Also, while a particular key grouping of keyboard 2 has been illustrated and described, other combinations ing from the scope of this invention.
Similarly, while the present circuit has been illustrated and described as providing an input to an output register and a converter associated with a mechanical retrieval apparatus, it would be within the scope of the present invention to utilize the binary comparative result in the storage shift register for other purposes where a unique order of binary bits are needed which uniquely correspond with a particular access phrase.
Therefore, it is intended that the present invention cover such modifications or changes as may come within the scope of the invention as defined by the following claims.
What is claimed is:
1. An encoding system comprising:
a. an alphanumeric-to-m binary bit converter having converter output terminals;
a selectively actuatable source of clock pulses having an actuating input terminal and a clock output terminal;
. clock control circuit generating an actuating signal and a strobe pulse in response to a signal at said converter output terminals;
an input shift register having at least m number of input stages, a serial output terminal, and a shift input terminal, each of said input stages having a strobe input terminal and a binary input terminal;
e. first coupling means for coupling each of said converter output terminals individually to a binary input terminal of a respective input stage;
f. second coupling means for coupling said strobe pulse to said strobe input terminals and for coupling said clock output terminal to said shift input terminal;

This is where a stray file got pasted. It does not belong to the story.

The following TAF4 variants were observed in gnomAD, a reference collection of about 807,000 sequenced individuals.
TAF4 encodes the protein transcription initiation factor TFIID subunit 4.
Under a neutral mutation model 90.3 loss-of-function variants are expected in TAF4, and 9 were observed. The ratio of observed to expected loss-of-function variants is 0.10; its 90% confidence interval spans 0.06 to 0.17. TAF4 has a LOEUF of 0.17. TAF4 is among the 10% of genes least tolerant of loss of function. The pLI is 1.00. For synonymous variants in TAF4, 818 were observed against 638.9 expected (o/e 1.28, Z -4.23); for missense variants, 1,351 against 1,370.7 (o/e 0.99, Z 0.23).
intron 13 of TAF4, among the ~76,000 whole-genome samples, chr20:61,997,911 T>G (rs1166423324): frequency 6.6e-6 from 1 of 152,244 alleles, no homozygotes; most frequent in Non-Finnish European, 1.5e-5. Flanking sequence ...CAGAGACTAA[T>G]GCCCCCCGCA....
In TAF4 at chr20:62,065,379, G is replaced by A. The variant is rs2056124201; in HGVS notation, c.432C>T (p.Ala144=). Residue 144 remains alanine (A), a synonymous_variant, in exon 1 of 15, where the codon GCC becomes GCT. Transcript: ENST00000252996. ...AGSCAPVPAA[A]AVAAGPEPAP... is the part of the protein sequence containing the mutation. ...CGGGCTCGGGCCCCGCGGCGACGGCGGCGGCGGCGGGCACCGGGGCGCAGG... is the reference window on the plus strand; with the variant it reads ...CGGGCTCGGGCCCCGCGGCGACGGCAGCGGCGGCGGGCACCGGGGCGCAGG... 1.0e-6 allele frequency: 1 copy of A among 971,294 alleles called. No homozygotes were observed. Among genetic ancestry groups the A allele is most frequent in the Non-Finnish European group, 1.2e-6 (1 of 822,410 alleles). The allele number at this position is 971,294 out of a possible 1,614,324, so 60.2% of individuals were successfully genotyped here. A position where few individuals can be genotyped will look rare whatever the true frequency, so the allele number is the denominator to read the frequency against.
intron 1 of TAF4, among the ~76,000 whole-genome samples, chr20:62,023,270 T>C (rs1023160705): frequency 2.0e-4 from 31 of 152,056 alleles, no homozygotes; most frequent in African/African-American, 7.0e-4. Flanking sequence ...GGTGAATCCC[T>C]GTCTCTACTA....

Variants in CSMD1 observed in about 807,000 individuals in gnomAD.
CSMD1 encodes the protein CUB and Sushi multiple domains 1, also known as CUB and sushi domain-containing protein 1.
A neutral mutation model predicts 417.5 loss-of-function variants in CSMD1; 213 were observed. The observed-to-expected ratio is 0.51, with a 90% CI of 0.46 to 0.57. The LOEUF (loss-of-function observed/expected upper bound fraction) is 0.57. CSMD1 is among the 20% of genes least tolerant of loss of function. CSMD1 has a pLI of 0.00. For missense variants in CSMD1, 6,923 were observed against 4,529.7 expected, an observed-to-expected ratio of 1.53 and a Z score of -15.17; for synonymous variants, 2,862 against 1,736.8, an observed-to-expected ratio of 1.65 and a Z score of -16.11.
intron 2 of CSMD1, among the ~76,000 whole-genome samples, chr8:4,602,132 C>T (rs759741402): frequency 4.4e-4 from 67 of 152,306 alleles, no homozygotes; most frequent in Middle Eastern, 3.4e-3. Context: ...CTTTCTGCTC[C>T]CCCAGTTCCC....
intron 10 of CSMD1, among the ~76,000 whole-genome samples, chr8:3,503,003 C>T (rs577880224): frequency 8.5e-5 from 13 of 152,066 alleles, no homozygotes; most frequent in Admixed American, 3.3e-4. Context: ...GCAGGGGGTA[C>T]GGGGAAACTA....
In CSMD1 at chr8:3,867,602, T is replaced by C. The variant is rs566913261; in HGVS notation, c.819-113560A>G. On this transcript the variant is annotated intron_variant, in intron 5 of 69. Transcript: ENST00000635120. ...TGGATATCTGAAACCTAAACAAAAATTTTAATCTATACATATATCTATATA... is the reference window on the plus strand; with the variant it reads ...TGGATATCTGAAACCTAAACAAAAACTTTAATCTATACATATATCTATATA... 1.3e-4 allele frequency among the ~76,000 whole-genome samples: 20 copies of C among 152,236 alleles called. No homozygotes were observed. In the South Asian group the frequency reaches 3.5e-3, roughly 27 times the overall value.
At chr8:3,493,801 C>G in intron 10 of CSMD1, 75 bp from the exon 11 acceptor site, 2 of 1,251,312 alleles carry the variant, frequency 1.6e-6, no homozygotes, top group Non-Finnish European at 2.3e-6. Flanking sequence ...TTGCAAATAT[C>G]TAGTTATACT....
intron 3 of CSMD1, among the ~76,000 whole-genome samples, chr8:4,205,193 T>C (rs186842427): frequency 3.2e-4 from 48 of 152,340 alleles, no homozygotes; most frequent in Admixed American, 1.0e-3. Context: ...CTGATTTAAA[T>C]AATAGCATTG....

. third coupling means for coupling said actuating signal to said actuating input terminal;
. a storage shift register having a least m X n number of storage stages, a serial output terminal, a serial input terminal, and a shift input terminal, said shift input terminal beingcoupled to said clock output terminal;
. transfer circuit means normally enabled and adapted to be disabled for coupling said serial output terminal of said input shift register to said serial input terminal of said storage shift register only when said transfer circuit means is enabled;
j. logic circuit means normally disabled and adapted to be enabled and having a comparison output terminal coupled to said serial input terminal of said storage shift register for making .a logic comparison of the binary outputs at said serial output terminals of said input and storage shift registers only when said logic circuit means is enabled; and,
' k. decision circuit means responsive to the arrival of m X n number of said clock pulses at the shift input terminal of said storage shift register for disabling said transfer circuit means and enabling said logic comparison circuit means.